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If I am given a date like 1999-07-08 15:49:00 what would be a good function to determine whether is an AM shift, PM shift or a NOC shift?

--AM: 06:45:00 - 14:44:59
--PM: 14:45:00 - 22:59:59
--NOC: 23:00:00 - 06:44:59

Here is my attempt but then I noticed a bug

ALTER FUNCTION [dbo].[DateToNocShift]
(
    -- Add the parameters for the function here
    @DummyDate DATETIME
)
RETURNS VARCHAR(10)
AS
BEGIN
    -- Declare the return variable here
        DECLARE @Shift VARCHAR(10)


        DECLARE @DateValues TABLE
        (
            RawDate DATETIME, 
            HourNow int,
            MinuteNow int,
            TimeHourMinute FLOAT,
            Shift VARCHAR(4)
        )
        INSERT INTO @DateValues
        VALUES
        (
            @DummyDate,
            DATEPART(hour,@DummyDate),
            cast(DATEPART(minute,@DummyDate)as decimal),
            ROUND(DATEPART(hour,@DummyDate) + cast(DATEPART(minute,@DummyDate)as decimal)/60,2),
            null
        )



        UPDATE @DateValues 
        SET Shift = 'AM'
        WHERE TimeHourMinute BETWEEN 6.75 AND 14.74 -- good estimate

        UPDATE @DateValues 
        SET Shift = 'PM'
        WHERE TimeHourMinute BETWEEN 14.75 AND 22.99

        UPDATE @DateValues 
        SET Shift = 'NOC'
        WHERE TimeHourMinute BETWEEN 23.00 AND 6.74

        SELECT @Shift = Shift FROM @DateValues


        RETURN @Shift
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2 Answers

up vote 4 down vote accepted

You don't need so much code, a single CASE statement will do

CREATE FUNCTION [dbo].[DateToNocShift]
(
    -- Add the parameters for the function here
    @DummyDate DATETIME
)
RETURNS VARCHAR(10)
AS
BEGIN
DECLARE @dateChar varchar(8)
set @dateChar = convert(varchar, @DummyDate, 108)
RETURN CASE
    WHEN @dateChar >= '06:45:00' and @dateChar < '14:45:00' then 'AM'
    WHEN @dateChar >= '14:45:00' and @dateChar < '23:00:00' then 'PM'
    ELSE 'NOC'
    END -- CASE
END
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Thanks for your help here is the final version of the function –  jvelez Feb 23 '11 at 15:21
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Another approach would be to create a table with a row in it for every minute of the day, 1440 rows.

CREATE TABLE ShiftCheck
(
id int,
MyTime datetime  not null,        
ShiftNumber int not null,
ShiftName char(3) not null      
CONSTRAINT [PK_ShiftCheck] PRIMARY KEY CLUSTERED 
(
    [id] ASC
)
)    

populate that table with a statement similar to this

; WITH DateIntervalsCTE AS
(
SELECT 0 i, cast('1/1/1900' as datetime)  AS Date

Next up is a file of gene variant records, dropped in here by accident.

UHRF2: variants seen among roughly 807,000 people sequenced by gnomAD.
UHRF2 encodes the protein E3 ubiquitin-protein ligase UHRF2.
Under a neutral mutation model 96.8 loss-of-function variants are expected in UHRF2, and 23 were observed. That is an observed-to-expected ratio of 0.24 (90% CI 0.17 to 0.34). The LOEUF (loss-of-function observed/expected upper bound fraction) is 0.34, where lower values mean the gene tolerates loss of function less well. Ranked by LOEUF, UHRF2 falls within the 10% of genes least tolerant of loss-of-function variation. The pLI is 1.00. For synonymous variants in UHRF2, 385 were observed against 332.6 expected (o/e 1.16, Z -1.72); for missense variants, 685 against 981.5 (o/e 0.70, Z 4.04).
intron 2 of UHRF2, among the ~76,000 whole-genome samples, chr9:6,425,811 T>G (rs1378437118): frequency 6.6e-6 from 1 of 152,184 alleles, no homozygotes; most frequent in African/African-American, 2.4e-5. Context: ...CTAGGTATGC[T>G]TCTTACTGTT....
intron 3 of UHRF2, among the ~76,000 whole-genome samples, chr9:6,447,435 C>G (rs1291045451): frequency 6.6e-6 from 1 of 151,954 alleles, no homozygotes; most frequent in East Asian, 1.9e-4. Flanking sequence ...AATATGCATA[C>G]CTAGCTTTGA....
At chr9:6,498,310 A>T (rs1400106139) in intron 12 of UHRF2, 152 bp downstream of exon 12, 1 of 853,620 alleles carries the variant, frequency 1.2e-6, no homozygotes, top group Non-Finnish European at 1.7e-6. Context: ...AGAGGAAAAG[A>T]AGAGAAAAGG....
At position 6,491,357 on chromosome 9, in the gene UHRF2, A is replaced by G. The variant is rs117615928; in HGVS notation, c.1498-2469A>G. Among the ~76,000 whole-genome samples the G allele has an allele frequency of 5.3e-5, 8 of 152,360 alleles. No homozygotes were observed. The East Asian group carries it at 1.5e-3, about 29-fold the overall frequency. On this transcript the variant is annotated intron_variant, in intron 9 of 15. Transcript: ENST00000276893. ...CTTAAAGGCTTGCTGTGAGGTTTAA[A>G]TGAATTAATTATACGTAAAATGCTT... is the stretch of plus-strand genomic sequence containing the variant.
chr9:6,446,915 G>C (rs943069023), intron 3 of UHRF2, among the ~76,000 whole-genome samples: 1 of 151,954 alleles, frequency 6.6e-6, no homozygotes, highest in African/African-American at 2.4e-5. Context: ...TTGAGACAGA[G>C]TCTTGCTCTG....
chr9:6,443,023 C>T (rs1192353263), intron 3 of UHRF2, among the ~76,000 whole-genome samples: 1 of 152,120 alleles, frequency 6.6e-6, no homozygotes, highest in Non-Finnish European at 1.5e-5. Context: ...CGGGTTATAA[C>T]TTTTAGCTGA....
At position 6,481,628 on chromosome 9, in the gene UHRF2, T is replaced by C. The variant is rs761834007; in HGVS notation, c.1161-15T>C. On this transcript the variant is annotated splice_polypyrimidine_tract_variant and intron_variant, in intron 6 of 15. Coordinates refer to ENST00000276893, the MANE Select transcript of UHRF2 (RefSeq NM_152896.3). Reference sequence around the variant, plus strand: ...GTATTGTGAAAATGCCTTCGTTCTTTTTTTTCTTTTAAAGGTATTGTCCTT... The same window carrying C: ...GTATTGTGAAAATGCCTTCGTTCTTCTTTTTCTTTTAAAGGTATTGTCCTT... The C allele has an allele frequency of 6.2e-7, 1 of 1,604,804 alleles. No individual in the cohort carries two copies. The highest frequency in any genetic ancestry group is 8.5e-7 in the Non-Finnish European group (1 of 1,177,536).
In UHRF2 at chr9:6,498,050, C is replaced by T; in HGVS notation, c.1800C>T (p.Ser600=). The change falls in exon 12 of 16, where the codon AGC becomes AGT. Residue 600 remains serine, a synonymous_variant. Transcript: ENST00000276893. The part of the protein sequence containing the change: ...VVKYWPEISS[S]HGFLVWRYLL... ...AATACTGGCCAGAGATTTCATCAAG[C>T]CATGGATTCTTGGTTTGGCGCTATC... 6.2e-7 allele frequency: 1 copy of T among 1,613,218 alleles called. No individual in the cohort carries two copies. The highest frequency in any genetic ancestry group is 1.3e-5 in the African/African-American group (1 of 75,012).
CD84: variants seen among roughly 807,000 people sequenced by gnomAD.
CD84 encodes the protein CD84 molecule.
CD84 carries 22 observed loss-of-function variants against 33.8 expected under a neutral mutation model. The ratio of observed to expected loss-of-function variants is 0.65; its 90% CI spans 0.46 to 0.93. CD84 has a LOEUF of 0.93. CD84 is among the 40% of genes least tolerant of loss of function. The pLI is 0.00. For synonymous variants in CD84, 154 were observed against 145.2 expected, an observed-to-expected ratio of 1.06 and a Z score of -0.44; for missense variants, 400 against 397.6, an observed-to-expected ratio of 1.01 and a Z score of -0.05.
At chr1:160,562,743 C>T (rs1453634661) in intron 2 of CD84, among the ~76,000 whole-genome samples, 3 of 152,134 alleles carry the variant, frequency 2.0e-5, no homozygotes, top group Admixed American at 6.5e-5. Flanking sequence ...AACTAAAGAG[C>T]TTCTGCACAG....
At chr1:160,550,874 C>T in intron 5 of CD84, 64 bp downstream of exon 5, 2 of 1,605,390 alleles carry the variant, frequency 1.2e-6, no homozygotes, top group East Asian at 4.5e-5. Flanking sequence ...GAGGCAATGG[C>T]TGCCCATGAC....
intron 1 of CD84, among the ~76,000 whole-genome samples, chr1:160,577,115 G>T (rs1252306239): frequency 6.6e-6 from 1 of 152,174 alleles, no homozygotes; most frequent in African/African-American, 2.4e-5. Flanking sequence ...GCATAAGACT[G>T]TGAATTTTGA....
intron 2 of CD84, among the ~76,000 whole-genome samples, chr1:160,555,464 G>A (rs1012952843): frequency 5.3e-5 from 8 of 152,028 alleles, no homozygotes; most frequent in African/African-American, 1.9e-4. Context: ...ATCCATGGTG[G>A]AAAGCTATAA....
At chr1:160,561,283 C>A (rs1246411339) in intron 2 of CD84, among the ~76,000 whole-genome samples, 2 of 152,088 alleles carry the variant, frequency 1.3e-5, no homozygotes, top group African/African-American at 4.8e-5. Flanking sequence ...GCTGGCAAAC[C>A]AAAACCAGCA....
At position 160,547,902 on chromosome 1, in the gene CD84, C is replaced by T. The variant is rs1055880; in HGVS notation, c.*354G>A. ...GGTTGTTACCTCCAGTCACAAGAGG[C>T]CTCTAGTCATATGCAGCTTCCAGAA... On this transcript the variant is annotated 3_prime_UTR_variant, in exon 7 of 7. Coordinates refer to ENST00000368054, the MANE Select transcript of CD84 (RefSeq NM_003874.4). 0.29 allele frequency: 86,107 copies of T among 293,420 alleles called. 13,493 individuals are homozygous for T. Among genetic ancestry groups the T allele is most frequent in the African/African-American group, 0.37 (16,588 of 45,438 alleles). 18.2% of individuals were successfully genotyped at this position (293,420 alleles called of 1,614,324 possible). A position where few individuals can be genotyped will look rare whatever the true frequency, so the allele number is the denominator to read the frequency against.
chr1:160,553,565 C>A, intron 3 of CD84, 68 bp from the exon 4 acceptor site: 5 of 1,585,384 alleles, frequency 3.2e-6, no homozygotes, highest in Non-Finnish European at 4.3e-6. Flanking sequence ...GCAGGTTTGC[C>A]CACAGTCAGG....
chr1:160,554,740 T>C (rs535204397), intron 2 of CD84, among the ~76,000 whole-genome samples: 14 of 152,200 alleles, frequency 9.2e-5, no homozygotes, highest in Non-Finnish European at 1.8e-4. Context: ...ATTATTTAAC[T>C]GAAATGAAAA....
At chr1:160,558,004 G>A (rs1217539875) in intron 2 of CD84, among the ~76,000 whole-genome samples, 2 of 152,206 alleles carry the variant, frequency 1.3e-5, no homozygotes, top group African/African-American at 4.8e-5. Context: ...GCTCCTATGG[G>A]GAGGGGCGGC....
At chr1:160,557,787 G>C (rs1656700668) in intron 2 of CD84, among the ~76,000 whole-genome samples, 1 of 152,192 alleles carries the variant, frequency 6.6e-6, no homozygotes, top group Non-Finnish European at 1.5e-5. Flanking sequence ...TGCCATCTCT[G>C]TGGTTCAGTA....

UNION ALL
SELECT i + 1, DATEADD(MINUTE, i,cast('1/1/1900' as datetime)  )
FROM DateIntervalsCTE 
WHERE DATEADD(MINUTE, i, cast('1/1/1900' as datetime) ) < cast('1/2/1900' as datetime) 
)
SELECT 
ROW_NUMBER() over (order by Date),
Date,
CASE 
    WHEN convert(varchar, Date, 108) >= '06:45:00' and convert(varchar, Date, 108) < '14:45:00' then 1
    WHEN convert(varchar, Date, 108) >= '14:45:00' and convert(varchar, Date, 108) < '23:00:00' then 2
    ELSE 3 
END,    
CASE 
    WHEN convert(varchar, Date, 108) >= '06:45:00' and convert(varchar, Date, 108) < '14:45:00' then 'AM'
    WHEN convert(varchar, Date, 108) >= '14:45:00' and convert(varchar, Date, 108) < '23:00:00' then 'PM'
    ELSE 'NOC' 
END
 FROM DateIntervalsCTE
 OPTION (MAXRECURSION 32767);

Then, you just need to join to the ShiftCheck table on a time. There is only a need to calculate what time a shift is in one time, to populate the table.

Scalar Valued Functions, like the one listed in your question are executed for every row in a given query. For example

Select *,[dbo].[DateToNocShift](ShiftDate)
from myTable

the function will be executed for every row in myTable which at a certain point (Saturday morning while you are sleeping) will get very slow. In conclusion, this will eventually become a performance problem and eventually someone will want to see the word 1st, 2nd, 3rd for the shift name. This solution will solve both of those as well as force a look-up instead of a calculation.

*If that is not accurate enough, put a row for every second of the day (24*60*60 = 86400 rows, still not that big for sql server) *I took the generate sql from here

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